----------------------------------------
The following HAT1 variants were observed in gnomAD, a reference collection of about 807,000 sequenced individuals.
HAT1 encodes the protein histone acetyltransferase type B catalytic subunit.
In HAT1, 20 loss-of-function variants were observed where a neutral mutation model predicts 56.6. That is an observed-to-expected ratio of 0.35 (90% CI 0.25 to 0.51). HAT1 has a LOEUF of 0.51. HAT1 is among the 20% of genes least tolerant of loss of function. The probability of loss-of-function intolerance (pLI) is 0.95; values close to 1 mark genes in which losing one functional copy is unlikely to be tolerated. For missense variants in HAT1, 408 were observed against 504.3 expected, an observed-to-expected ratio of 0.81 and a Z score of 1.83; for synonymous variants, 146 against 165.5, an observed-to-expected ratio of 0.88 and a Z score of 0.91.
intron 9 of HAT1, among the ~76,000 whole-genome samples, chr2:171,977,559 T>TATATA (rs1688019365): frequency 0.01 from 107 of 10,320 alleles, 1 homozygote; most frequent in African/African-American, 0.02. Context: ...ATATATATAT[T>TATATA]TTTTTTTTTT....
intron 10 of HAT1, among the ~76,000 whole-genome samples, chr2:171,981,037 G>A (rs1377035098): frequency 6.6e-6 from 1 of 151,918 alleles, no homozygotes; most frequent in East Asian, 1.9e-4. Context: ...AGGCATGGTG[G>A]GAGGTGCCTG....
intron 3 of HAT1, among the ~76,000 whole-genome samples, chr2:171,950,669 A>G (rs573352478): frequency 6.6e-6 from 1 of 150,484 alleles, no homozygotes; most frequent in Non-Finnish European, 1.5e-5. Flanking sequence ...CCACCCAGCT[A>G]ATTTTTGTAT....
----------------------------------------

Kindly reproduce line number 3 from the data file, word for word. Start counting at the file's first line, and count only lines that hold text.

In HAT1, 20 loss-of-function variants were observed where a neutral mutation model predicts 56.6. That is an observed-to-expected ratio of 0.35 (90% CI 0.25 to 0.51). HAT1 has a LOEUF of 0.51. HAT1 is among the 20% of genes least tolerant of loss of function. The probability of loss-of-function intolerance (pLI) is 0.95; values close to 1 mark genes in which losing one functional copy is unlikely to be tolerated. For missense variants in HAT1, 408 were observed against 504.3 expected, an observed-to-expected ratio of 0.81 and a Z score of 1.83; for synonymous variants, 146 against 165.5, an observed-to-expected ratio of 0.88 and a Z score of 0.91.